>>> print(join(left, right, join_type='outer'))
key  L   R
--- --- ---
  0  L1  --
  1  L2  R1
  1  L2  R2
  1  L3  R1
  1  L3  R2
  2  L4  R3
  4  --  R4

Note

The output table is sorted on the key columns, but when there are rows with identical keys the output order in the non-key columns is not guaranteed to be identical across installations. In the example above the order within the four rows with key == 1 can vary.

An inner join is the same but only returns rows where there is a key match in both the left and right tables:

>>> print(join(left, right, join_type='inner'))
key  L   R
--- --- ---
  1  L2  R1
  1  L2  R2
  1  L3  R1
  1  L3  R2
  2  L4  R3

Conflicts in the input table names are handled by the process described in the section on Column renaming. See also the sections on Merging metadata and Merging column attributes for details on how these characteristics of the input tables are merged in the single output table.

Merging details

When combining two or more tables there is the need to merge certain characteristics in the inputs and potentially resolve conflicts. This section describes the process.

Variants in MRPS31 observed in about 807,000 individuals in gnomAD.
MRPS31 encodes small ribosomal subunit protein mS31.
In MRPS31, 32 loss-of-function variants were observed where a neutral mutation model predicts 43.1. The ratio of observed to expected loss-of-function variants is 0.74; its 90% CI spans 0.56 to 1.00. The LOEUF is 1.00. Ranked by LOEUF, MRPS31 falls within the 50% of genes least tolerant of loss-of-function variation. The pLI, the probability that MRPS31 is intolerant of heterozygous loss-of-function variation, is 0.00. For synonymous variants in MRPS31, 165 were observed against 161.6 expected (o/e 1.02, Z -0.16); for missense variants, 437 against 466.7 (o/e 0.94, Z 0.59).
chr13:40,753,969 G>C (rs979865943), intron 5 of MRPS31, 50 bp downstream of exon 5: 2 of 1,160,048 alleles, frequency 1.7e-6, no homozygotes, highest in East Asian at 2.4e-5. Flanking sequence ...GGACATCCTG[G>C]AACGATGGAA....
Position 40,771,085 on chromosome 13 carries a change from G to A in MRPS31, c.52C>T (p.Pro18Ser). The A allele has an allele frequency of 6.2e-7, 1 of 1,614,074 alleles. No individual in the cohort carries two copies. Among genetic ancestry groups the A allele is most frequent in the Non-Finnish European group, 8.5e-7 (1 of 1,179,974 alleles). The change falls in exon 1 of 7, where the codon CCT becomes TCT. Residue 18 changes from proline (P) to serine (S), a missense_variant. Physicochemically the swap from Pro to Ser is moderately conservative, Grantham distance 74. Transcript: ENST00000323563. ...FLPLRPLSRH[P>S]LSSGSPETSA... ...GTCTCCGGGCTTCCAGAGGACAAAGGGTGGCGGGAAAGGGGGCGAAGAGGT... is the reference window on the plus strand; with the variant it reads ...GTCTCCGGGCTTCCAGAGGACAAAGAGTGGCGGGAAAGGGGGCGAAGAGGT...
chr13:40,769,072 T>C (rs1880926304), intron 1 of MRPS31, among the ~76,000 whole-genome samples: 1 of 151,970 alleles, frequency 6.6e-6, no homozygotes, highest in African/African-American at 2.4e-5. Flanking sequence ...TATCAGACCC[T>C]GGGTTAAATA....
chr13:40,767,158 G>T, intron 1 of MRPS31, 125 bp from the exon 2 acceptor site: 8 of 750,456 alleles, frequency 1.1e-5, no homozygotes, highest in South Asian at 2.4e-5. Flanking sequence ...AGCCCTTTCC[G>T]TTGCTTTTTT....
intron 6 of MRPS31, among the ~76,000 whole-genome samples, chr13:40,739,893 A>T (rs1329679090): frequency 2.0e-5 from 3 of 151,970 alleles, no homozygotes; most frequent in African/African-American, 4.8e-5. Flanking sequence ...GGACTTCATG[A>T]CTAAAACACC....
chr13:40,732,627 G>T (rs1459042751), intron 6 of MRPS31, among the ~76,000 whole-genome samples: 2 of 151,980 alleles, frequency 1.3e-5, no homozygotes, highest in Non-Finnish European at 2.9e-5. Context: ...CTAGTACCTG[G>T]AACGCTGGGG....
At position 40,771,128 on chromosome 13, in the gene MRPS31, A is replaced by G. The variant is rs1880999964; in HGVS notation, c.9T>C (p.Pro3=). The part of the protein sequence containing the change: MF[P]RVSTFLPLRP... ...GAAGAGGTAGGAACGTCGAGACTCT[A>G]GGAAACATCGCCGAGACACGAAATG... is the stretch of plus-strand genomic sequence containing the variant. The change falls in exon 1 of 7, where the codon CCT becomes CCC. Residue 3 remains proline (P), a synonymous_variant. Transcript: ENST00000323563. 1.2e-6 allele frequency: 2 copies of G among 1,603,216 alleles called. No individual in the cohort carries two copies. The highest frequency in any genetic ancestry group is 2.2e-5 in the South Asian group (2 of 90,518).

Column renaming

In cases where the input tables have conflicting column names, there is a mechanism to generate unique output column names. There are two keyword arguments that control the renaming behavior:

table_names
Two-element list of strings that provide a name for the tables being joined. By default this is ['1', '2', ...], where the numbers correspond to the input tables.
uniq_col_name
String format specifier with a default value of '{col_name}_{table_name}'.

This is most easily understood by example using the optical and xray tables in the join() example defined previously: